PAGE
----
Perhaps it is almost laughable to think of the 15th century explorer Ponce de Leon and his search for the Fountain of Youth. Popular folklore contends the Spanish explorer found Florida instead of his intended discovery. Yet today the quest for youth and longevity must be at least a trillion-dollar industry as individuals and companies alike seek to discover anti-aging remedies.
Is there a balm for the aging process? Can we live not only longer, but also retain the health, vigor, and appearance associated with youth? The answers to those questions are not entirely known; however, scientists are earnestly trying to identify the biological factors responsible for aging.
Dr. Suresh Rattan of Denmark derived a formula that summarizes the elements of which we are now aware that influence aging. Rattan’s formula consists of the following: E=GMC2, where E is eternal life;
G represents genes; M stands for milieu or the environment in which organisms live; and C is chance.
E equals caloric restriction
It has been known for more than 70 years that caloric restriction with adequate nutrition extends lifespan. Caloric restriction may be defined as a dietary regimen that limits the intake of calories without incurring malnutrition. The reduction in total food intake can involve restriction of major food categories, such as proteins, fats, or carbohydrates as well as periodic fasting. Dietary or caloric restriction (CR) is the sole intervention documented to increase lifespan in a variety of species, including yeast, flies, fish, mice, and dogs. The results from model organisms may be applicable to humans, and currently, specific findings related to dietary restriction are being studied in human volunteers.
CR appears to protect against diabetes, cancer, and cardiovascular disease. The basic mechanisms of these effects are not well understood; however, the insulin-signaling pathway appears to mediate and regulate CR. Insulin regulates the blood glucose level through a complex signaling cascade — insulin/IGF-1/growth hormone axis — that includes insulin-like growth factor (IGF-1), similar in protein structure to insulin, and growth hormone.
G is for Genes
Research delineating the genetic basis of aging is in the early stages, but scientific evidence indicates that genes are only part of the equation. Genes can be influenced and acted upon by external conditions, such as CR, physical activity, sun (ultraviolet radiation), amount of sleep, and even the availability of oxygen to the tissues and cells. Genes associated with aging and increased lifespan have a variety of functions in a range of biochemical pathways involving maintenance and repair responses (MRSs) including stress and immunity. Other examples of MRS functions are wound healing and replacement of dead cells. Although many genes may show evolutionary conservation, the challenge remains to determine which ones will be useful in human anti-aging therapies and solutions.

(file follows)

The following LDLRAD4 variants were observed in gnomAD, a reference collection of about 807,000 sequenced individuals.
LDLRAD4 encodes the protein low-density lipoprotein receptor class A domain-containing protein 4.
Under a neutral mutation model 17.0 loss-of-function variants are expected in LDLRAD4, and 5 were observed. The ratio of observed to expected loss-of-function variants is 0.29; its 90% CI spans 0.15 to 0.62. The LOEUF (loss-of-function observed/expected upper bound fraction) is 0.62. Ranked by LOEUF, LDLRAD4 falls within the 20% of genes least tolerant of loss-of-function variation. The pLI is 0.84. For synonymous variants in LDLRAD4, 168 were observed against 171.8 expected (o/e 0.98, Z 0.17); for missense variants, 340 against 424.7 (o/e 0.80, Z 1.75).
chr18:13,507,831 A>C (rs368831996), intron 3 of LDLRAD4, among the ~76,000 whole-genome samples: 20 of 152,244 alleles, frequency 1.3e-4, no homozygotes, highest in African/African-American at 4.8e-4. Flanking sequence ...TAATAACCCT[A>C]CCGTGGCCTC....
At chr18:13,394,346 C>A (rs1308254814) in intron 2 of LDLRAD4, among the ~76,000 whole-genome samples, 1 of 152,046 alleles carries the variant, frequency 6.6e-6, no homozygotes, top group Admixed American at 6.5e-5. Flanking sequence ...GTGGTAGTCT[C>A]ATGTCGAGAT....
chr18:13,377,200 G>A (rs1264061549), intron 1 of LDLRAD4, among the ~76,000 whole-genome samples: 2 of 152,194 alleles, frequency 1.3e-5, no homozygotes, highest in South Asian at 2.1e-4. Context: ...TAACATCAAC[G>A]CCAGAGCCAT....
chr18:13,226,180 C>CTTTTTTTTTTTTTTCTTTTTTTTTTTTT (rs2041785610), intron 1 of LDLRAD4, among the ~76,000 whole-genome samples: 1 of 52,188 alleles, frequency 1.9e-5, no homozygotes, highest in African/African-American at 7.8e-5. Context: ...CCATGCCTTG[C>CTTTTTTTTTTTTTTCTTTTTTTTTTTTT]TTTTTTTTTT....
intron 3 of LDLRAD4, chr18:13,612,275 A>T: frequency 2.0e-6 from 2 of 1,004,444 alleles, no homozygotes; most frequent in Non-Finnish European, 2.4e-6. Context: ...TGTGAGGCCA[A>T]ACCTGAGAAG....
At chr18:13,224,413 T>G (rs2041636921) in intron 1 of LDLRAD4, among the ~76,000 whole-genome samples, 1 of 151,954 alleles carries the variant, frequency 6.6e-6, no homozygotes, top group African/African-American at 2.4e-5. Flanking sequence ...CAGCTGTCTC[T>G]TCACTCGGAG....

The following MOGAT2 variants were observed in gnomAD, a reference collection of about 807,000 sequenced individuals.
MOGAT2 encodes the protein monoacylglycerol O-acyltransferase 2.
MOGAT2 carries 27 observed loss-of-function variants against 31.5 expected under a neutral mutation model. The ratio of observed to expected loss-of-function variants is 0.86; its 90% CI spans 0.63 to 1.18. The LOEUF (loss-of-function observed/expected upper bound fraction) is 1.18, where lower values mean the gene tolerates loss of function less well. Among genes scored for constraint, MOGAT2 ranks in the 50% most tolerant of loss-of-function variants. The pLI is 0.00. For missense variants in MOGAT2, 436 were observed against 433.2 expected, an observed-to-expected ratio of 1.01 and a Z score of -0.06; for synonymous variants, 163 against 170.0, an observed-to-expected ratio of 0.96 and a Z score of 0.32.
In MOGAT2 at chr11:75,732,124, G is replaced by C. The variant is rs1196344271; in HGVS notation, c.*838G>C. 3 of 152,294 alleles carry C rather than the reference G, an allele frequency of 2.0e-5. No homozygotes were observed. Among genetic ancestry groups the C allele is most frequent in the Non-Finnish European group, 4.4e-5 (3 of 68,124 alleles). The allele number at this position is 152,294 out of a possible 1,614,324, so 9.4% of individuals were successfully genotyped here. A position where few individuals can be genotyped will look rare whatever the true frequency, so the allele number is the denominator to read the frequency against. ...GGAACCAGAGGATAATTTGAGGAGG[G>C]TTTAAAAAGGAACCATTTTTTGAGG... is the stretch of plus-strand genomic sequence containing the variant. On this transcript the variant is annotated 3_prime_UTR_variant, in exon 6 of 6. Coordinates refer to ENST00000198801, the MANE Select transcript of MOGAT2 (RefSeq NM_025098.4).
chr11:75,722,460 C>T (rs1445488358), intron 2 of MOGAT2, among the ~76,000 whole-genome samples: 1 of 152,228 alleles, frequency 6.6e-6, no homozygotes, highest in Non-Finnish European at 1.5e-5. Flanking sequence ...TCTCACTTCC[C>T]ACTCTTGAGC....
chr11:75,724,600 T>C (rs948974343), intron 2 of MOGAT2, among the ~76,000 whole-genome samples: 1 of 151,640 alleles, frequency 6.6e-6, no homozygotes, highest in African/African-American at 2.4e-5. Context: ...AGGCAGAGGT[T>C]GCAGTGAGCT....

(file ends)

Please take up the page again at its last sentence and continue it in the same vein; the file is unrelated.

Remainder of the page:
Milieu or Environment
The milieu consists of the biochemical environment in which living organisms function and encompasses other factors that influence the aging process beyond genes. One such factor is the field of epigenetics. Epigenetics refers to heritable changes in the phenotype in which the DNA sequence is unaltered. By heritable changes, it is thought that these variations persist during cell division, but are not necessarily passed on to future generations from parents to child.
Telomere shortening is also thought to be involved in aging, although the precise mechanisms are still being researched. Telomeres are unique structures at the end of linear chromosomes, composed of repetitive DNA, which protects the chromosome ends from deterioration. Shortening of telomeres can lead to chromosomal breakage and changes in gene expression over time.
Adult stem cells may also play a role in mammalian aging. An adult stem cell is defined as an undifferentiated cell, found among differentiated cells in a tissue or organ, capable of renewing itself with the potential to differentiate into some or all of the major cell types of the tissue or organ. The controversial theory is that as a consequence of stem cell aging and/loss, tissue maintenance and repair are decreased, resulting in the overall aging of the organism.
The final component of the Rattan formula is chance. Chance involves randomness, and events beyond the control of mere mortals. Living to 100 years has a genetic component, but it is combined with happenstance, which by definition cannot be regulated.
Maintenance and repair systems (MRSs) keep living organisms in a dynamic state of balance, responding to environmental and metabolic stresses. By identifying the factors that interfere with MRSs and thereby contribute to aging, scientists hope to establish a basis for the formulation of interventions and strategies to alleviate functional decline.
References and Read-more-about-it:
1. Rattan SI. 2007. The science of healthy aging: genes, milieu, and chance. Ann N Y Acad Sci, 1114:1-10. Review.
2. Fontana L, Partridge L, Longo VD. 2010. Extending healthy life span--from yeast to humans. Science. 328(5976):321-6.
3. Katewar SD, Kapahi P. 2009. Dietary restriction and aging. Aging Cell, 9: 105-112.
4. Wilson A, Shehadeh LA, Yu H, Webster KA. 2010. Age-related molecular genetic changes of murine bone marrow mesenchymal stem cells. BMC Genomics, 11:229.
5. Passos JF, Saretzki G, von Zglinicki T. 2007. DNA damage in telomeres and mitochondria during cellular senescence: is there a connection? Nucleic Acids Res, 35(22):7505-13.